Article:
Now all of this is pretty standard fare for the theologian, particularly the Lutheran theologian.  We know that the human mind is a factory of idols -- though we Lutherans don't often employ these words -- and that it is of the nature of human beings that we turn away from God in unbelief, pride, idolatry and concupiscence.  While we have an "ontological thirst" towards God, towards that Infinite which can only satisfy our thirsting after completion, we find ourselves a'whoring (using the traditional language) after false gods, after those seemings within the finite that seemingly satisfy.  In so doing we turn away from the horizon of the infinite, believing that a finite bird in the hand is worth the entire bevy of the infinite.  This is unbelief.  As we turn towards the finite, we realize that the turning is ours.  It is a matter now of our identification of that within the finite that can satisfy our ontological search.  This identification is pride.  That which is not infinite, but is now to satisfy the drive towards the infinite is an idol; it is something conditional now elevated to the level of the unconditional.  And the a'whoring is something done with an almost infinite zest, an excitement of the finite beyond what the finite can support.  Such an excitement is concupiscence, a desire to devour and dominate the infinite as one's own religious and erotic ecstasy.

I have always been fairly comfortable claiming that this is the basic condition of human being.  Although I have read many things about our getting over of transcendence -- Bonhoeffer probably first -- I never seriously thought human beings could or would do it.  The imprint was just too strong. "We are but a little lower than the angels," I thought, "and surely the complexity of our consciousness, of its hopes, aspirations, motivations, reasonings, rationalizations, fears, etc., witnesses deeply to this."  As the years have churned by, it seems, I have not really lost the sense of the striking difference between human self-consciousness and the consciousness of animals.  "There is something different," I tell myself, "and this something different is the divine imprint."  But lately I have been wondering if what I tell myself is accurate, or even of much significance.  Charles Taylor's A Secular Age lays out our western plight pretty well, and there is nothing in the macros of his diagnosis of the human problem that seems to me fundamentally inaccurate.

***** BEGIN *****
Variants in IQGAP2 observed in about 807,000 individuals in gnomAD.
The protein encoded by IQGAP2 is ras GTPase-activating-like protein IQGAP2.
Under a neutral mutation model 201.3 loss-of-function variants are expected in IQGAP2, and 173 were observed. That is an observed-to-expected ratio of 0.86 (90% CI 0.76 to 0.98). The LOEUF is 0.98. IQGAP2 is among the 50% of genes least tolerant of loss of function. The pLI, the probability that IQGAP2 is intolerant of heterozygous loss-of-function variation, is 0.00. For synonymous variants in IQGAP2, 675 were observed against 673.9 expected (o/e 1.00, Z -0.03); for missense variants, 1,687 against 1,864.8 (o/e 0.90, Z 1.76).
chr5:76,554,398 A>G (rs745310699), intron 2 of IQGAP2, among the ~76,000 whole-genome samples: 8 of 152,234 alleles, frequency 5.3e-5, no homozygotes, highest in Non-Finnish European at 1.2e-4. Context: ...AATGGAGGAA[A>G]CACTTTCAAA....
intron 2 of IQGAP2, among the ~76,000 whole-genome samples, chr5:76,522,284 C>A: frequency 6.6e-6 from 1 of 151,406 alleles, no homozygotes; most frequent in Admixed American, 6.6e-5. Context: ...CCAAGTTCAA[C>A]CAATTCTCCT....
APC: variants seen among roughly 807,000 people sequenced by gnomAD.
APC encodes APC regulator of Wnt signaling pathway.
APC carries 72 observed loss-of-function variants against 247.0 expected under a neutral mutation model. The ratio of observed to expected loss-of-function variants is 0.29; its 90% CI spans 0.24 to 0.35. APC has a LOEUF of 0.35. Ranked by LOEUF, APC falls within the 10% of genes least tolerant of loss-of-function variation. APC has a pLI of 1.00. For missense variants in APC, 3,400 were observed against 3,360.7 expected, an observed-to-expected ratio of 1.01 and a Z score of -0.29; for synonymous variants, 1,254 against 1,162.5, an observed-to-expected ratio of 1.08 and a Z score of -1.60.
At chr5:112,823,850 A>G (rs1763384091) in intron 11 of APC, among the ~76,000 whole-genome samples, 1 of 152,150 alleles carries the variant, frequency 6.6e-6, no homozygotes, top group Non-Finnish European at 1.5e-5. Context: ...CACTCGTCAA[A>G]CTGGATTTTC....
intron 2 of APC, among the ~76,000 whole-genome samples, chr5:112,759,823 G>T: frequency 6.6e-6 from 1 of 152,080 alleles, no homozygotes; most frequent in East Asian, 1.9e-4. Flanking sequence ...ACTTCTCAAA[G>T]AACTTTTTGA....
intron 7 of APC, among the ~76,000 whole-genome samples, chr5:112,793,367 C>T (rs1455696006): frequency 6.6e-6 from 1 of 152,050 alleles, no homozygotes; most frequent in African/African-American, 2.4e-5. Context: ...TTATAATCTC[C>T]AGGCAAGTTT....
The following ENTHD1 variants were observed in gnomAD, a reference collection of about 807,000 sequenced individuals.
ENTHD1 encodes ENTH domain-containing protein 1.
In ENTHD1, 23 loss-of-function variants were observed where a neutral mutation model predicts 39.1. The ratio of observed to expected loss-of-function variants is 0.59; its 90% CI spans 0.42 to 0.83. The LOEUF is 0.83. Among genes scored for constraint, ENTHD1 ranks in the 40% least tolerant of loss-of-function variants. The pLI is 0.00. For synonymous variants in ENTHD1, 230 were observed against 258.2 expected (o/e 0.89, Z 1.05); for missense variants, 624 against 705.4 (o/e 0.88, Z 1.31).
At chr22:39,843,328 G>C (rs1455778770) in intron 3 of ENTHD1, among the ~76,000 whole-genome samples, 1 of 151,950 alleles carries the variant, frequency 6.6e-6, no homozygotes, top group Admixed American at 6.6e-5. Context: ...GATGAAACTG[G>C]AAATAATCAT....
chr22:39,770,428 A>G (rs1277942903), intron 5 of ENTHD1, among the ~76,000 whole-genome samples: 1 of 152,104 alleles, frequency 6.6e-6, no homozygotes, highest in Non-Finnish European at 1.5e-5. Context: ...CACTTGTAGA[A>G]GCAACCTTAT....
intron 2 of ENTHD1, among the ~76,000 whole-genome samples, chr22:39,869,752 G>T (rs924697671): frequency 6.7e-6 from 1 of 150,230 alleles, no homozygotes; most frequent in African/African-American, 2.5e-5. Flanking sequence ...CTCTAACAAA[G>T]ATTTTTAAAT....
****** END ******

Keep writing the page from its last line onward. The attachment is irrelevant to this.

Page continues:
It seems like human beings in the old North Atlantic world just are quite different now.  Many I meet appear not at all to have an ontological thirst.  While I can always satisfy myself with the hope that they do retain this nonetheless -- even though they don't know it -- this interpretation is getting more difficult to sustain.  When people look with blank eyes when one attempts to uncover the hidden religious dimension of their secularity and/or atheism, the philosopher must take a step back and at least question his assumption.  What if these people don't have an ontological thirst at all?  What if they don't try to satisfy it in all of the wrong places?  What if their seeming drive for pleasure is not prideful concupiscence grounded in idolatry, but merely a drive for pleasure?  What if human beings aren't who we theologians have always assumed them to be?  What then?